Main Characters: Howard Roark, Peter Keating, Ellsworth Toohey, Dominique Francon, Gail Wynand
Pros: Interesting, bigger-than-life characters, sparse, clear prose, Kinky sex, some memorable and/or witty lines, satirical humor, attack on socialism (including Communism).
Cons: Peter Keating character given too much ink, Some Characters unbelievable and/or act illogically (cf: Dominique,the heroine), lack of Character development, too many repetitive scenes, novel too long for such a simple plot.
Not much I can add about the "Fountainhead". Judging by the Amazon reviews people love the novel or hate it. I was somewhat in-between. I found her philosophy interesting but shallow and didn't really mind the speeches. Nor given that it was a "romance" did the unrealistic nature of the characters bother me that much. The problem wasn't the lack of realism but the lack of consistency and the logic of many of their actions. The heroine Dominique for example, starts out as 'smart and level-headed' then becomes 'stupid & crazy' then 'smart but crazy' and finally ends up back at 'smart and level-headed. She's the main female character yet seems the most implausible. Roark meanwhile does things (like helping Keating) which make no real sense. And his change from a one-syllable Bartleby at the start to silver-tonged philosophizer is somewhat unbelievable.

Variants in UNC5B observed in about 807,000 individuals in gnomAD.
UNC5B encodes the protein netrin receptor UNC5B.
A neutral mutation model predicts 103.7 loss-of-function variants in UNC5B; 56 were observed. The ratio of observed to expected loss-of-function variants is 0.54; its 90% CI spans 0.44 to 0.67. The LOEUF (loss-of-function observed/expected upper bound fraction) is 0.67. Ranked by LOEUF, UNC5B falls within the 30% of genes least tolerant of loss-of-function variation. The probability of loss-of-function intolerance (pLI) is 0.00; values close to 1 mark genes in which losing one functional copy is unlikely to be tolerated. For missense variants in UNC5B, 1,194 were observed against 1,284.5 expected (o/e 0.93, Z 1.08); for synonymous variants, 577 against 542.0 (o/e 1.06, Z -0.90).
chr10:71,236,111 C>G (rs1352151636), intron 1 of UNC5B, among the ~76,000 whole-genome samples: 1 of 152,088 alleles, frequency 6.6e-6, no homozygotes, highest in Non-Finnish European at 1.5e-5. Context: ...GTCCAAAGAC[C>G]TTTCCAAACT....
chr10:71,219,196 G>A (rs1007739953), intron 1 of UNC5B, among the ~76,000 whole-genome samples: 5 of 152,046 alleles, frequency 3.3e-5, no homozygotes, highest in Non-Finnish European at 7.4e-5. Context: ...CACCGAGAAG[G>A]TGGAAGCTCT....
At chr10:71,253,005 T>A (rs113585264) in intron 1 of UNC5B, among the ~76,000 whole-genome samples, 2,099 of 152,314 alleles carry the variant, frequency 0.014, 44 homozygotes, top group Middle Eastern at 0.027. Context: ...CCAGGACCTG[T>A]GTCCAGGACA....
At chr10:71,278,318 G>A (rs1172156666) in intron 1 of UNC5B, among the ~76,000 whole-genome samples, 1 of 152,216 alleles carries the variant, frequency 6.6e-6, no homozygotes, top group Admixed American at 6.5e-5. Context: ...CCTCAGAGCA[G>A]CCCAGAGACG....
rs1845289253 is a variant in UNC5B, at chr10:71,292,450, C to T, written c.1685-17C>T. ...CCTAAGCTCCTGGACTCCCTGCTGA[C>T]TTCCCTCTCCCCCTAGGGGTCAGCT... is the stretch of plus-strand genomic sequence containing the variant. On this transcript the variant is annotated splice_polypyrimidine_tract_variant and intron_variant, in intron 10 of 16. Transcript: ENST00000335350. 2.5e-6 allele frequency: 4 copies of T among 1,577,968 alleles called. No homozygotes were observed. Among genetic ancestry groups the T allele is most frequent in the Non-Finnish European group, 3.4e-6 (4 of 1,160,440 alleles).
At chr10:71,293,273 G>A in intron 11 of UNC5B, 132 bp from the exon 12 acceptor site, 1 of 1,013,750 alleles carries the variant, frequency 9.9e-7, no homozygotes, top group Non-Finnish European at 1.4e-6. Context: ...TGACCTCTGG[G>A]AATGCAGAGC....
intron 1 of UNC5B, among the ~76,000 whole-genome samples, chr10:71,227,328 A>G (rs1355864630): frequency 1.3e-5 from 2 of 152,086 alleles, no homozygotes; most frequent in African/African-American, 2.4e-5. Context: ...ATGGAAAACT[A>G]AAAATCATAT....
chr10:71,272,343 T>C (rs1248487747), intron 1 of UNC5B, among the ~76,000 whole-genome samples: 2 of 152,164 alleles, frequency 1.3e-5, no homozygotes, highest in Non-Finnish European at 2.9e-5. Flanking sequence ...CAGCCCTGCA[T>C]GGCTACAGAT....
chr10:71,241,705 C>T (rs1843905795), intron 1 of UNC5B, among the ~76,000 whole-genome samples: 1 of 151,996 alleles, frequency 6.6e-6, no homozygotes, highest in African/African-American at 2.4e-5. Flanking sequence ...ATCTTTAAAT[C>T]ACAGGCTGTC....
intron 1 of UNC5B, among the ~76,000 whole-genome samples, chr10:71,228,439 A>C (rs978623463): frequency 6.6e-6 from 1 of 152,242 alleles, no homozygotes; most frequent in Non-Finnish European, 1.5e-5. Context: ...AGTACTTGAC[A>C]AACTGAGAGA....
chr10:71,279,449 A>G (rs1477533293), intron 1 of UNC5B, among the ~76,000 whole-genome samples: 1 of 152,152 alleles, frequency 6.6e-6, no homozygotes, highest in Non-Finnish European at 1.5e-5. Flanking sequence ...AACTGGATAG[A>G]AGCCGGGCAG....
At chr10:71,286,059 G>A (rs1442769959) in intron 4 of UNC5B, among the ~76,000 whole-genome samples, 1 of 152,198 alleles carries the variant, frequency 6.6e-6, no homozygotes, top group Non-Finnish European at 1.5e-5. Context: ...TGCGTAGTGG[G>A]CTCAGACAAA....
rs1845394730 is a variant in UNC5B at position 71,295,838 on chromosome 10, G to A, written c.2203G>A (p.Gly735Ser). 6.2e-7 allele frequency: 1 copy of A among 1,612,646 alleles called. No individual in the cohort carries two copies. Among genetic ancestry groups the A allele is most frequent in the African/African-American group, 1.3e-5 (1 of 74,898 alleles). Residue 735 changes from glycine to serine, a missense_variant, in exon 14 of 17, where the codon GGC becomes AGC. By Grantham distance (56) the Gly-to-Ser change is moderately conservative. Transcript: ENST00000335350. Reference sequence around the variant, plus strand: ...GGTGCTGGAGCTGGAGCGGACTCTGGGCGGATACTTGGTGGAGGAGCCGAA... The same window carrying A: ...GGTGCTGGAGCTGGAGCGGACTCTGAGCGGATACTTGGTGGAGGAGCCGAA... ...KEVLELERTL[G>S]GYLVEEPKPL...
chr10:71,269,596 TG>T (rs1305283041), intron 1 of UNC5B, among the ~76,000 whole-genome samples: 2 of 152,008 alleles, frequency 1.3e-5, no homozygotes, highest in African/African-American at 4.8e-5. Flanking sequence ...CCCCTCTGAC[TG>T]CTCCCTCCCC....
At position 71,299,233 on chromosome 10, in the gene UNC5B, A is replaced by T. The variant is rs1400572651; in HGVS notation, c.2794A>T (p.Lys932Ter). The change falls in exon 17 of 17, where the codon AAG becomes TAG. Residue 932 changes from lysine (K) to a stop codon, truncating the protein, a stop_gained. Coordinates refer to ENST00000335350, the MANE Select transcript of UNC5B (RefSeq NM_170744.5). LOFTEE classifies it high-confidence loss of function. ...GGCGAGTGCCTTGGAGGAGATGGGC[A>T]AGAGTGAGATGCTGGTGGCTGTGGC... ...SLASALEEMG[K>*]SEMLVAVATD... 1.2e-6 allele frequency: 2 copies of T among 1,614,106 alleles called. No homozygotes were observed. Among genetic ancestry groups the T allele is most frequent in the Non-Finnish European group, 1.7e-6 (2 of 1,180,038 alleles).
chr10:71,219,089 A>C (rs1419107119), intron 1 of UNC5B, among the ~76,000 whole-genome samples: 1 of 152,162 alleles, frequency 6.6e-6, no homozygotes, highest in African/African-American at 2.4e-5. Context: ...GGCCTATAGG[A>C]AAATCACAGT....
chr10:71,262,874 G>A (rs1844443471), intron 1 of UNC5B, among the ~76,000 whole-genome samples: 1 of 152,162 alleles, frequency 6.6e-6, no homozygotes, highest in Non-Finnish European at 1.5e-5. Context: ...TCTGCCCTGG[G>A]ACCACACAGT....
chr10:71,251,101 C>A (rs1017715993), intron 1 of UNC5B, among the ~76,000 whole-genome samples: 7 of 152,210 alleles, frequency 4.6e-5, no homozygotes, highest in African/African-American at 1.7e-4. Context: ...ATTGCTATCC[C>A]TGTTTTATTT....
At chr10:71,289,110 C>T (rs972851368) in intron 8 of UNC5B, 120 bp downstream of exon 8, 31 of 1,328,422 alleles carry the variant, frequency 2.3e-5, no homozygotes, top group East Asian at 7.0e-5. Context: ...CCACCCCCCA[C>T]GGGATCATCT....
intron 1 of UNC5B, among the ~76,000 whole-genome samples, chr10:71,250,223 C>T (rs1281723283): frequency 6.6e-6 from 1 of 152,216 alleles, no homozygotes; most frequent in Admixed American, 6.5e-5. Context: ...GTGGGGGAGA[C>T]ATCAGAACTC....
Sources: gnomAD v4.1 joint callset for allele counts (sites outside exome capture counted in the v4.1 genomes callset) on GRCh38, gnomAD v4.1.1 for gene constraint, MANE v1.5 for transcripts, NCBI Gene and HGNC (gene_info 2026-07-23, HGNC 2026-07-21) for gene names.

The book really needed an editor. The first part, describing the rise of Keating and the Roark's initial failure is way too long. The book doesn't became interesting until the villain Toohey and Gail Wynand become the focus.
Some odd things about the novel:
- There are no children
- There are no loving parents in the novel. Most characters either have one live parent (that they dislike) or no parents at all.
- Dominique is described as having a "vicious" and/or "cold" mouth about 25 times.
- Roark has "orange" hair.
- Wynand likes Roark so much he goes off with him on his yacht alone for 3 months - and leaves beautiful Dominique at home.
- Characters don't merely draw or write but "violently slash lines on the drawing" or "savagely write". I didn't realize journalism and architecture was so violent until I read Rand.
- Rand's contempt for the average person and religion is quite noticeable.
- The smart characters are constantly being disappointed that another smart character needs it spelled out for them. "I thought you were smarter than that".
- Conversely, Rand is constantly writing that "words were unnecessary between them, they both understood...."
Conclusion: Very enjoyable in spots and not as bad as expected. Rating **1/2